Time Travel 1977 Mexico-USA: Brokedown Chiapas, Giggle Bordello, Busted on Burpin’ Street…
…continued from previous
The back road from Agua Azul to San Cristobal de las Casas through Ocosingo is nothing spectacular, but a pretty enough drive. This is the area that will be ground zero for the emergence of EZLN (Zapatista Army of National Liberation) and ‘Sub-Comandante Marcos’ in a few short years, resulting in being ‘liberated’ by them on New Year’s Day 1994. But for now it’s a dusty backwater, as far into the outback as you can get in Mexico, deep in the jungle. Unfortunately our bus breaks down before reaching the city, so we all have to get off, and find alternate transportation. Fortunately it breaks down not far away, so finding something else isn’t too hard.
San Cristobal de las Casas
San Cristobal is just the opposite, and a revelation to me, high in the highlands, in that here is a part of Mexico JUST LIKE GUATEMALA–almost anyway. A slang term for Guatemalan is even ‘Chapin’, from ‘Chiapas’, or at least the same common root wood. S.C. in fact seems precisely like the westernmost outpost of a highland region that starts just west of Guatemala City and includes Quezaltenango and Huehuetenango as the other major population centers.
Like them, it too is surrounded by dozens of interesting villages, many of which specialize in a specific craft, though the city itself handles most of that. Since I didn’t buy much in Guatemala because I like to travel light, and since the Mexican peso has now devalued, I’m getting serious about the idea of trying to commercialize some of these products, so now’s the time and this is the place. There’s some Guatemalan stuff from across the border here, too, so I can still test some of that merchandise, besides the little bit that I sent by mail from Guatemala itself.
If I’m in business now- sorta’ kinda’ maybe- then Oaxaca’s next on the list, and sure enough, the new devalued prices seem much better. As long as I’m just buying a little of a lot of different things, then no one will ever know the difference for Customs purposes, right? At least the demonstrations and bus-burnings of a couple months ago are now but a memory, so Oaxaca can be enjoyed without the threat of street disturbances and the high crime that often accompanies it. It’s nice, and nearby Mitla is a source of handicrafts. I’m good.
As in many places, in Mexico all roads lead to the capital. So avoiding it becomes almost a rite of passage, even if it means detours. One way to do that is by skirting the Sierra Mazateca, and then on to Veracruz, via Tuxtepec. In those mountains to the north are two other branches of Mexico’s Indian population, the Chinantecs and Mazatecs, reputed masters of the same mushroom just encountered in Palenque–and Mississippi. Here is one of Mexico’s wetter climes, a veritable cloud forest…
…but not Veracruz. Here it’s warm, even hot. and it’s a pretty classy old colonial city, too. Of course the tourists here are all American, or Canadian, so none of the sophisticated witty banter of the Europeans. Here guys tend to talk about sex… and whores. They talk me into going to Monterrey with them.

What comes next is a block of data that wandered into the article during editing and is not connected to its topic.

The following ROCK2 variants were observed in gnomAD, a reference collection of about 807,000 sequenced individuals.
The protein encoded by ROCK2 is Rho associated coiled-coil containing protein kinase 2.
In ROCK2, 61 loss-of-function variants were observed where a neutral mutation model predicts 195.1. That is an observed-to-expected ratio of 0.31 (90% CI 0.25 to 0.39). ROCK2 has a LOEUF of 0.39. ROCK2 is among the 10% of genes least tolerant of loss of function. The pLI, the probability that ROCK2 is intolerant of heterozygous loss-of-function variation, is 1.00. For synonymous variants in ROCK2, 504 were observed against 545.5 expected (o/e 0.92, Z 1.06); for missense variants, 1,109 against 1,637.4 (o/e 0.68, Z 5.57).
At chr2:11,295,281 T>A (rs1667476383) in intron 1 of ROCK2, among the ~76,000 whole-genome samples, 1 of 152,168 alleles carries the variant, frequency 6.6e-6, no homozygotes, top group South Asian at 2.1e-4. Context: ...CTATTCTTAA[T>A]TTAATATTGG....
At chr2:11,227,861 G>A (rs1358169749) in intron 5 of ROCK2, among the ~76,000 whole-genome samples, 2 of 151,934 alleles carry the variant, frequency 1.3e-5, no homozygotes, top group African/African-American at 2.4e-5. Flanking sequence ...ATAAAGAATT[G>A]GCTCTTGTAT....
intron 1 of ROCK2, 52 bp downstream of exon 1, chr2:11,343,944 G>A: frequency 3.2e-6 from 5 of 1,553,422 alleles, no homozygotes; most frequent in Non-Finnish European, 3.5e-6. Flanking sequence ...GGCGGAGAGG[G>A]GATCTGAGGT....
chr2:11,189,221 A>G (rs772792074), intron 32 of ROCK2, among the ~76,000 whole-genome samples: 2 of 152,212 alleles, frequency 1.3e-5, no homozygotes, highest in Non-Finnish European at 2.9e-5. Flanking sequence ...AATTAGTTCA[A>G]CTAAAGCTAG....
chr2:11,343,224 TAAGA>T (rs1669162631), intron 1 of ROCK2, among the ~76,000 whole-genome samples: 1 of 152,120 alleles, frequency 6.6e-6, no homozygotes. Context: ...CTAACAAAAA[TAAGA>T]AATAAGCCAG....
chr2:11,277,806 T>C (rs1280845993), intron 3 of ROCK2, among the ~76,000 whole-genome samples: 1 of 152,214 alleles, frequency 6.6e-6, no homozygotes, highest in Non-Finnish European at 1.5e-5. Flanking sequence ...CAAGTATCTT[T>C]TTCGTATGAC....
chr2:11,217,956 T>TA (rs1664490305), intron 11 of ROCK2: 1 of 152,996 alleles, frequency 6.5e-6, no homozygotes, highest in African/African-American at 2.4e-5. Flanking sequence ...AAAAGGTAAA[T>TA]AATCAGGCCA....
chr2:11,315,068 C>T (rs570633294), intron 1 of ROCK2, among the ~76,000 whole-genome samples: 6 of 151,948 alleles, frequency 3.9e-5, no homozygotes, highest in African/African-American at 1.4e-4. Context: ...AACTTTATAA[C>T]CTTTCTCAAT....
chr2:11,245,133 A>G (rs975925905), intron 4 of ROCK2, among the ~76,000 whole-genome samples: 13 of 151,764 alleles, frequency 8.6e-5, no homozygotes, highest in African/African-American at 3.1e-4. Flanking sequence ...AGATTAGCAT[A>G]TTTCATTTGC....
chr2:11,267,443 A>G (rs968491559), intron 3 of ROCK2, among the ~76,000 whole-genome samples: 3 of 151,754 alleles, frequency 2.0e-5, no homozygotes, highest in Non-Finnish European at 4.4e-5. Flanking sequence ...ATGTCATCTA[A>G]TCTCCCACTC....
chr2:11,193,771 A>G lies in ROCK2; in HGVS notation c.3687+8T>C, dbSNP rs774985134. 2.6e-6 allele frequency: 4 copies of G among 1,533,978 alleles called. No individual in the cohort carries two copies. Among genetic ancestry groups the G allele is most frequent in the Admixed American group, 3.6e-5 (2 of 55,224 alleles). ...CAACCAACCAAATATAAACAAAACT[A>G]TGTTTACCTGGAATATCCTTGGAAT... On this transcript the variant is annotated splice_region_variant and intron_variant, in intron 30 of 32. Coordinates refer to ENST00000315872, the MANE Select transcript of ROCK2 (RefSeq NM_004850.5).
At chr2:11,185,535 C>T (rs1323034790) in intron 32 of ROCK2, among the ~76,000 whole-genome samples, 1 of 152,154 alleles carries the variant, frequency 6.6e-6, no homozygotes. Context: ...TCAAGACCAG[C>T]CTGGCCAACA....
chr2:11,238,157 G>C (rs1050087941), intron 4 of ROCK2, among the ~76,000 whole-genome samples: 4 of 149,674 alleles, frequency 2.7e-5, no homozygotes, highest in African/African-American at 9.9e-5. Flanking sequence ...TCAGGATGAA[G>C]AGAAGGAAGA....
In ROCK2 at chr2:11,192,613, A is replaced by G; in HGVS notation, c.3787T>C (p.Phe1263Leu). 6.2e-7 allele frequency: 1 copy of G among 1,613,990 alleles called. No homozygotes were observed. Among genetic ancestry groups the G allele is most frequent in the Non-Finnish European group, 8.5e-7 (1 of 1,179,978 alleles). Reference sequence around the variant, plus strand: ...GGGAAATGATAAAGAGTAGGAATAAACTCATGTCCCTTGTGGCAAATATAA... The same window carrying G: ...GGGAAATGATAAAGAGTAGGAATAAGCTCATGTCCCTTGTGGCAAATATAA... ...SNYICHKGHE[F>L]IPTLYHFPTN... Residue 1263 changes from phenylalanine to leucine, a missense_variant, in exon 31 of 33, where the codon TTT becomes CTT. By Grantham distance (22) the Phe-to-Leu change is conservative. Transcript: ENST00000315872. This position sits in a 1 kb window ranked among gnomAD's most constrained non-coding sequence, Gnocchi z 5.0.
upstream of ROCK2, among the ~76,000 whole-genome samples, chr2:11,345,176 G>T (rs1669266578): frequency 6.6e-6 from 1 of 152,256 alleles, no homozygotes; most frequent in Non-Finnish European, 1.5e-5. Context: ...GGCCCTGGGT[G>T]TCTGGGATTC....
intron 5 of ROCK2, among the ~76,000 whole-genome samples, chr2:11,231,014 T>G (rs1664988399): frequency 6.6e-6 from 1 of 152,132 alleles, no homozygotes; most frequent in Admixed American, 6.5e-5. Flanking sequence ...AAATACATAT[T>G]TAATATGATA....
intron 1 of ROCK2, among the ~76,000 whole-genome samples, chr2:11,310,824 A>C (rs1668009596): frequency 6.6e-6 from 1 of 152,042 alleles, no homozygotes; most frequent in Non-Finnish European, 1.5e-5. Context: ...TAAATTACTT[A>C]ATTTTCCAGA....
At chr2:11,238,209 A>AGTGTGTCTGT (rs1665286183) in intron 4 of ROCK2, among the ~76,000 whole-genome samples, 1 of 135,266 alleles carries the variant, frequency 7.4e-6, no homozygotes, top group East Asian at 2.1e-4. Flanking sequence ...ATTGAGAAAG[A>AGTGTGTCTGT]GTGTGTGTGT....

Monterrey’s not far from the Texas border, so attracts some of that element, border-hoppers who want to see a bit of the interior. Of course Monterrey is not especially exotic, but they DO have whorehouses, so a couple of American guys talk me into checking one out, a fancy one. I stay long enough to watch the girls actually come out and make their appearance, en masse but that’s about all. This is a fancy place- $25 a pop! (“they like to make it last”), so feinting and bluffing is all part of the game. It’s almost surreal. I’m trying hard not to laugh…
These are the days of hitch-hiking, as some sort of a righteous principle, kind of like sharing a joint, but sharing a ride instead. Of course with only $24 to my name I don’t have much choice. I already spent all my money on goods. And hitch-hiking is not always fun and games either, especially in southern Texas. For one thing, it’s a different culture down here, and hitch-hiking may not be a part of it. For another, populations tend to be very spread out the farther west you go, so less possibility of a pick-up.
Anyway I get out of Laredo okay and make the connection at San Antonio no problem. But for some reason I’ve been waiting at a little town called Schulenberg for hours, and it’s starting to get old. Finally I figure I should go and at least check the bus schedule for the Hell of it. $24 won’t get me home, but it’ll get me closer than I am now. So I walk from the Interstate into town, pack fully loaded, mind you. I check the bus schedule, buy a Coke, drink it, re-adjust my pack to better distribute the weight, and then start walking back to the highway, since there’s no bus for hours.
I neglect to throw away my Coke can because I’d have to set my pack down again to do so. Big Mistake, because a cop is watching the whole sordid affair. He arrests me for littering. I sh*t you not, hauls me before a judge right then and there, in Schulenberg, TX. The judge reads me the riot act about traveling in Mexico where all kinds of mean nasty ugly things happen (but at least they don’t arrest you for littering), then finally fines me $21.
Then the cop takes me not only back to the highway, but back to the highway on the edge of town. At least it’s the other edge. Well, I guess it worked, because I got a ride this time, and never had another problem making it back home to my little cabin in the woods. It’s a good thing, too, because I got the screaming sh*ts from that burger I ate in Laredo. I traveled all over Mexico and Guatemala with no problem since one bout at the beginning, then I get diarrhea the minute I step back into the States. I guess that’s poetic justice.